Hairy chests unite: Britain joins the austerity club tomorrow night with about £85 billion of spending cuts and taxes rises (Vat to 20% from 17.5%, capital gains tax about 40% to 50%), amid moans, groans and associated complaints from people whose businesses were saved by the former government in the GFC and recession. George Osborne, the chancellor, is expected to reveal a £3 billion tax on banks via a levy on their balance sheets, not profits. Oh, squeaked a Bloomberg report, that could mean lower growth, forgetting that Britain’s recession and loss of growth and high unemployment was caused by the same banks and their profligate financing of housing booms in the US and the UK and various other losers. Some business taxes will be cut or structured in the Budget, according to the usual bevy of leaks.

An iPhone a day … hundreds of thousands of them a day, with the news that 600,000 of the new models have been ordered; it sent Apple shares to a new high of $US275 on Friday, further widening its lead over Microsoft as the biggest tech company in the US and the second largest US listed group by market cap after ExxonMobil. The shares finished just under that level, and the company was valued at $US249.4 billion, Microsoft at $US231.7 billion and ExxonMobil $US296.4 billion.

US banks: just one US bank failed last week. The Reno-based Nevada Security Bank was closed on Friday by regulators, making it the 83rd American bank failure of the year. This bank was a small local operation with $US480 million in assets.

Canwest sale: a court in Ontario, Canada, has has approved the sale of Canwest Global Communications Corp’s newspaper chain and online publishing business to a bondholders’ group. The newspapers will sell for $C1.1 billion, including $C950 million in cash, which is expected to provide enough cash to pay off Canwest. The purchasing group is headed by Paul Godfrey, president of the National Post, the Canwest chain’s national daily paper and a former CEO of Canada’s Sun chain of daily newspapers. The group says it will keep all 56 papers and plans to float them on the stock exchange early next month after the deal completes by July 30.

Nevada hits jobless jackpot: the US state of Nevada now has the unwelcome title of unemployment capital of America to go with its usual title as the country’s gambling kingpin. According to figures from the US Department of Labor, Nevada replaced four-year leader Michigan at the top of the jobless pile after its unemployment rate hit 14% in May, up from 13.7% in April. Michigan saw a rare improvement, with the jobless rate falling to 13.6% from 14% in April.  But overall May was a better month for the US with 37 states and Washington DC reporting declines in jobless rates. Unemployment increased in six states and seven states reported no change. Over the year to May the jobless rate rose in 31 states and in Washington DC and dropped in 17 states.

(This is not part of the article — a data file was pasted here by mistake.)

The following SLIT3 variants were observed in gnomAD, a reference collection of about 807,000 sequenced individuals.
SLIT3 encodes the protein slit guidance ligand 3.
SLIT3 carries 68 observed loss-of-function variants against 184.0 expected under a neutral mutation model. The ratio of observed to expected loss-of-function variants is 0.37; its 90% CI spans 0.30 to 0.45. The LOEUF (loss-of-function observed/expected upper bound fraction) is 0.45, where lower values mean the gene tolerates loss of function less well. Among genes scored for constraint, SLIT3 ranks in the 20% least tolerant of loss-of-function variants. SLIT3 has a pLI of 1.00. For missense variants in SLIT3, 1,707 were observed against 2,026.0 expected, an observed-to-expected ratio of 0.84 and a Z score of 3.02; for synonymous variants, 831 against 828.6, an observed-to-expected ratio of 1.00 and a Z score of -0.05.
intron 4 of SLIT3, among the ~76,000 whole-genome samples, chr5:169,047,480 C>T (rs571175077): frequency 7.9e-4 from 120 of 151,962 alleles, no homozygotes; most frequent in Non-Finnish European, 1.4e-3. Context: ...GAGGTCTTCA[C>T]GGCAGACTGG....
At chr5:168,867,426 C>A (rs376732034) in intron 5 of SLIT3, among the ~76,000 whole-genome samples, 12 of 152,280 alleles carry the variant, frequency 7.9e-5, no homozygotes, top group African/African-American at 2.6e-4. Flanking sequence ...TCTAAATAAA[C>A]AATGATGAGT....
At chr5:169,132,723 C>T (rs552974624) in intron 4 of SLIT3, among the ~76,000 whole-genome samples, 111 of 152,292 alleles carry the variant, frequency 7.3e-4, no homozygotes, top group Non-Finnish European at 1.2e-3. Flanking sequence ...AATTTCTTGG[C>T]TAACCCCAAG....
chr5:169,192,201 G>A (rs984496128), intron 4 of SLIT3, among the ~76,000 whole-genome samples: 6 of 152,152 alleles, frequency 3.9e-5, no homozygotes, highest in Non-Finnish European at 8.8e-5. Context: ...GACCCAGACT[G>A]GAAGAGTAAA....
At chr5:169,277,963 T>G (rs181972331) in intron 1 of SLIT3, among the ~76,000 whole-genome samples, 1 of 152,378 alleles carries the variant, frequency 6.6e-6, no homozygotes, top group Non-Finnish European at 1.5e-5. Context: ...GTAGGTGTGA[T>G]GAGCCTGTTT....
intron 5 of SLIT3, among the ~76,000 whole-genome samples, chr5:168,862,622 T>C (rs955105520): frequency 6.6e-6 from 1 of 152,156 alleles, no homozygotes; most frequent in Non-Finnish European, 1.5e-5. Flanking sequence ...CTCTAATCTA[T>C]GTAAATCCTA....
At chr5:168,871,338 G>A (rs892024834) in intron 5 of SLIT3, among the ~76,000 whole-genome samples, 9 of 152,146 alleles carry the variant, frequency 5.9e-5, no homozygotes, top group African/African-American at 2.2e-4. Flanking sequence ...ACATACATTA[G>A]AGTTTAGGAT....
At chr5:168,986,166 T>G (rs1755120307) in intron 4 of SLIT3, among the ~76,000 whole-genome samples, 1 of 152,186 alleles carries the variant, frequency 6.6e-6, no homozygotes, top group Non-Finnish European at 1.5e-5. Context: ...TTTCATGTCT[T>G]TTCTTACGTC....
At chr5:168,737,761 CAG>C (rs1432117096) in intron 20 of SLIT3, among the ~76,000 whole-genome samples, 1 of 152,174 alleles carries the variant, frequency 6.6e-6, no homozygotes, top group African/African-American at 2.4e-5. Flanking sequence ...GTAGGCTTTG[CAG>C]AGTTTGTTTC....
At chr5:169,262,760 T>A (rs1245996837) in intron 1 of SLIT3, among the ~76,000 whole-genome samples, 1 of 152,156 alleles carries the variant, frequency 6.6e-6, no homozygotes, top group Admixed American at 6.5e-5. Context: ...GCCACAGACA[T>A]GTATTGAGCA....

Memo, Seven Group Holdings: your best mate, Caterpillar Inc, has reported an 11% rise in global dealer sales of its heavy machinery in the three months ended in May, thanks to strong Asia-Pacific growth. The company said on Friday in an SEC filing that the rise ended 19 months of falls in global dealer sales. Asia-Pacific sales were up 38%, North American by 15%, but sales in Europe, Africa and the Middle East fell 8%. US analysts concentrated on the rise in the US, the first in almost four years. But for  Australia, it’s the Asian Pacific numbers that are important and especially Seven Group Holdings, which is the Cat distributor in Western Australia and north-east China, two prime markets, through the recently acquired WesTrac. A quarterly rise of this size, if experienced by WesTrac, would be market sensitive, wouldn’t you think?

Cars, cars, cars: people love VWs (and Audis, Seats, Skodas) and as a result Volkswagen has raised its 2010 sales and operating profit targets after a better-than-expected first half. The company overnight said “that the previous year’s figures for unit sales (6.3 million vehicles) and operating profit (€1.9 billion ($A2.71 billion) will be significantly exceeded.” Results in the first five months of this year “have considerably outperformed expectations” and “this trend looks set to continue in June” owing to a rebound of the North American market, strong growth in China and a fall in the value of the euro, (and Brazil). But the company said the outlook was still difficult: The second half of the year “still entails uncertainties,” VW said.

Good idea: America’s consumer products giant Procter & Gamble has launched a household tips website for the growing number of US men who have become homemakers in a tough job market.  Called Manofthehouse, the site went live this month with advice on child-rearing, cleaning and cooking, home handy work and other tips often seen in women’s magazines. There was one story on the site over the weekend entitled “how to make a perfect breakfast”, another was entitled “real men stir fry”, another was on “how to protect your iPhone when working out”. Does the fact that yesterday was Father’s Day in the US ring any bells as to why P&G has just discovered the male half of most relationships?

Peter Fray

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